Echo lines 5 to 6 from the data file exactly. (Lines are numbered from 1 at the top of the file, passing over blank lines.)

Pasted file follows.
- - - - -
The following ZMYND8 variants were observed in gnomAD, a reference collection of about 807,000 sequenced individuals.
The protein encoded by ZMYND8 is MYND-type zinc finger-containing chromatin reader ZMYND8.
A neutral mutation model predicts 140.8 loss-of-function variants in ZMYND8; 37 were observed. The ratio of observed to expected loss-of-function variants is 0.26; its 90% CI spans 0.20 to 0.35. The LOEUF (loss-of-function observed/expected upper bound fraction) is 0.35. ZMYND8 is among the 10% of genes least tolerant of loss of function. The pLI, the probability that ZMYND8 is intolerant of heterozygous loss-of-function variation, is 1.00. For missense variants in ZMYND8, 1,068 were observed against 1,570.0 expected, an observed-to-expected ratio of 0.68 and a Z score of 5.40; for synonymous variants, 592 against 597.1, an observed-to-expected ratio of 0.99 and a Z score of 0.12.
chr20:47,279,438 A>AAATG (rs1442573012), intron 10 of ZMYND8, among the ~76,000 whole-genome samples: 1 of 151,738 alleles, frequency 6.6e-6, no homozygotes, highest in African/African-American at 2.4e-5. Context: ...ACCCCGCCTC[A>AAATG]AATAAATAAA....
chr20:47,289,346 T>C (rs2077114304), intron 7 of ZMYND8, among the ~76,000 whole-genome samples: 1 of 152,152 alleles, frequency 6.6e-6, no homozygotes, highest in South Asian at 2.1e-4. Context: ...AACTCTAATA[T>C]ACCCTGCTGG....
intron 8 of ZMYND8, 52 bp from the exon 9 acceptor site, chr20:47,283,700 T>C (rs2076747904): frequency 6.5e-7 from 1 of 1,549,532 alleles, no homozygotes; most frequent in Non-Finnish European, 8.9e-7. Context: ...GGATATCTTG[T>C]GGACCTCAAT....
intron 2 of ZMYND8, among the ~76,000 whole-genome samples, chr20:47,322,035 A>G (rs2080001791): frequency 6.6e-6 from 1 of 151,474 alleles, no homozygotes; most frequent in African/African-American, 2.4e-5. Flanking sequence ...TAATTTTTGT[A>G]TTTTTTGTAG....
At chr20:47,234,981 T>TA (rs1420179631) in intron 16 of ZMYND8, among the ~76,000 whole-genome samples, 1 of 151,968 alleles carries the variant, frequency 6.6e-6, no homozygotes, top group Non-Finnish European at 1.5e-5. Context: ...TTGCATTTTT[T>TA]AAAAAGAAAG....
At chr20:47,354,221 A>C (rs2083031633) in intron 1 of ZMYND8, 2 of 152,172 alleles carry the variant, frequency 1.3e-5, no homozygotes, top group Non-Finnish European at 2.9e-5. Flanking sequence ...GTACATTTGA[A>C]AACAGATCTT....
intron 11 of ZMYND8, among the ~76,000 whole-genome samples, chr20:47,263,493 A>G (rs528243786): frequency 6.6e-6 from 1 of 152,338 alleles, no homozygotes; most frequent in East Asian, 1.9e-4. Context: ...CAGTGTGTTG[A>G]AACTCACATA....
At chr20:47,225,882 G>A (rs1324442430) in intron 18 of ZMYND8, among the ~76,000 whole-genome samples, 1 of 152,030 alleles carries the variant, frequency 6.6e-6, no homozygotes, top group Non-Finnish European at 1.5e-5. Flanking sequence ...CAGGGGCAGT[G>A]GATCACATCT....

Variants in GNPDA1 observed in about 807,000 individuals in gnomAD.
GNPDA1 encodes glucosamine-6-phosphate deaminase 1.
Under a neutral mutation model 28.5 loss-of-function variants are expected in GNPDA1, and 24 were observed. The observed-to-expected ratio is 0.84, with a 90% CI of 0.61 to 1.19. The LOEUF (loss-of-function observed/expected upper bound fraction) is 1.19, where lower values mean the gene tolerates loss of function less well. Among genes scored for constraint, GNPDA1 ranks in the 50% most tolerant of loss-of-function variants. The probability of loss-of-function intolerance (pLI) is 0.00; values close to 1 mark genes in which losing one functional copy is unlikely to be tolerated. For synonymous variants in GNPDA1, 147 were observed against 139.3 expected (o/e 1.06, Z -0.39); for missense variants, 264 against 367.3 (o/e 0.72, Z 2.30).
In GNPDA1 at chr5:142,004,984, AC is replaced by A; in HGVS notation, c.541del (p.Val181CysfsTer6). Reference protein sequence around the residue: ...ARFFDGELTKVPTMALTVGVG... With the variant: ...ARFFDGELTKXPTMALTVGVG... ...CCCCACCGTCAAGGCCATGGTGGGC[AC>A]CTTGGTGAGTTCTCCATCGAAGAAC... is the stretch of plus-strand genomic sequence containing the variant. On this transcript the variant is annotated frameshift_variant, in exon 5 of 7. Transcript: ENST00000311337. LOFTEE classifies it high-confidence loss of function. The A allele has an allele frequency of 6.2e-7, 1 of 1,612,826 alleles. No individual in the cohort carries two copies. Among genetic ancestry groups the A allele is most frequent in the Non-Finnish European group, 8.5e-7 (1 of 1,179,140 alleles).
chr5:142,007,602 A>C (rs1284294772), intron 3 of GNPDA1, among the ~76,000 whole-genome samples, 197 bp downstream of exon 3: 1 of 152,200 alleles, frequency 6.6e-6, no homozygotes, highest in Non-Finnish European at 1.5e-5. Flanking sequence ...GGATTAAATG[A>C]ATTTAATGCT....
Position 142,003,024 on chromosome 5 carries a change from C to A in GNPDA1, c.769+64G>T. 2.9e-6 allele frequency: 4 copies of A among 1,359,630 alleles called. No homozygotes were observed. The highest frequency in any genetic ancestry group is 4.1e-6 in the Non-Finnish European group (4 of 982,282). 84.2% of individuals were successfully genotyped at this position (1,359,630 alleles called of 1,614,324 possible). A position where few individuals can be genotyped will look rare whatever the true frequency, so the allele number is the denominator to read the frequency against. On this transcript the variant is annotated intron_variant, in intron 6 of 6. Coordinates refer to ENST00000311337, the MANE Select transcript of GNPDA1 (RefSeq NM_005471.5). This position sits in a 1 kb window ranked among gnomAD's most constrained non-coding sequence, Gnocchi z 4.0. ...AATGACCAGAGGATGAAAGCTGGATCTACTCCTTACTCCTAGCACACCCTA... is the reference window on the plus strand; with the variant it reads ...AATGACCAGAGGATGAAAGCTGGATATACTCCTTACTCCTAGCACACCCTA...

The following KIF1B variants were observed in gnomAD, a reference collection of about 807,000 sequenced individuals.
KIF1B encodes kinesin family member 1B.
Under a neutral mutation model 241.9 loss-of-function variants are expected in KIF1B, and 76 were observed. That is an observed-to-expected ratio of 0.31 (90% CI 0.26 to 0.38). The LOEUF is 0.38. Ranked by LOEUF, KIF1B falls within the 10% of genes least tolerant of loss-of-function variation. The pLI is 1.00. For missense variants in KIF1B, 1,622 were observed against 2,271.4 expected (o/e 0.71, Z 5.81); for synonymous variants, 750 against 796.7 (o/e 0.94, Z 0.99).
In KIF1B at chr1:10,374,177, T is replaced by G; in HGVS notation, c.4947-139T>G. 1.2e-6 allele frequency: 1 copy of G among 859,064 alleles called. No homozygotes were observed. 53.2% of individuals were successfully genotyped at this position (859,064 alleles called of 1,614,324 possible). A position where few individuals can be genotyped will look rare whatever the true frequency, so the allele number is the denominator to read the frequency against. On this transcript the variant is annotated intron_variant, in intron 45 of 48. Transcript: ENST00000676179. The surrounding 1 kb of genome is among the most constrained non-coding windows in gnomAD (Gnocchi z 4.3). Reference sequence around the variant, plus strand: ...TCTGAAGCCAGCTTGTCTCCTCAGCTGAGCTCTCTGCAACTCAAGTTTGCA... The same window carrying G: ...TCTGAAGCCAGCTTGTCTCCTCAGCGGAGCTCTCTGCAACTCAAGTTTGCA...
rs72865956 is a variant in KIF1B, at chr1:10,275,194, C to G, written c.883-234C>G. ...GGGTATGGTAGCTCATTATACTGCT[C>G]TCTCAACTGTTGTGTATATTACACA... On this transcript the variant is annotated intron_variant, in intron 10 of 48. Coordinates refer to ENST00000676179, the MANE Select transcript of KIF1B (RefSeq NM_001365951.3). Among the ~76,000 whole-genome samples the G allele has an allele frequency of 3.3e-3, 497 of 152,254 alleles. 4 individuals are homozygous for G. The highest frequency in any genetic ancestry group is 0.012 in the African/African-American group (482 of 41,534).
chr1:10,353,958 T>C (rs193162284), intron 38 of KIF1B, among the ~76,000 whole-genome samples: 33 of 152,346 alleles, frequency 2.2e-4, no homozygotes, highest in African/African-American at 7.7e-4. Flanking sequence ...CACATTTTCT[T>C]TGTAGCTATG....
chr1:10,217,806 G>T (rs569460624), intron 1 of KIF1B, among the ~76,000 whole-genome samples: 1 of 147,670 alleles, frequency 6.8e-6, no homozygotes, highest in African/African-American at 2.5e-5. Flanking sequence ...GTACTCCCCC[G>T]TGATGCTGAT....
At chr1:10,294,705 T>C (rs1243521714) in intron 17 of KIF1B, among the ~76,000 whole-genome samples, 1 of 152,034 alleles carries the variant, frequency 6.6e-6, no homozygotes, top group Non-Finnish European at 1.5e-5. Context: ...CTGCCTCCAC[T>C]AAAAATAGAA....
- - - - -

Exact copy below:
chr20:47,289,346 T>C (rs2077114304), intron 7 of ZMYND8, among the ~76,000 whole-genome samples: 1 of 152,152 alleles, frequency 6.6e-6, no homozygotes, highest in South Asian at 2.1e-4. Context: ...AACTCTAATA[T>C]ACCCTGCTGG....
intron 8 of ZMYND8, 52 bp from the exon 9 acceptor site, chr20:47,283,700 T>C (rs2076747904): frequency 6.5e-7 from 1 of 1,549,532 alleles, no homozygotes; most frequent in Non-Finnish European, 8.9e-7. Context: ...GGATATCTTG[T>C]GGACCTCAAT....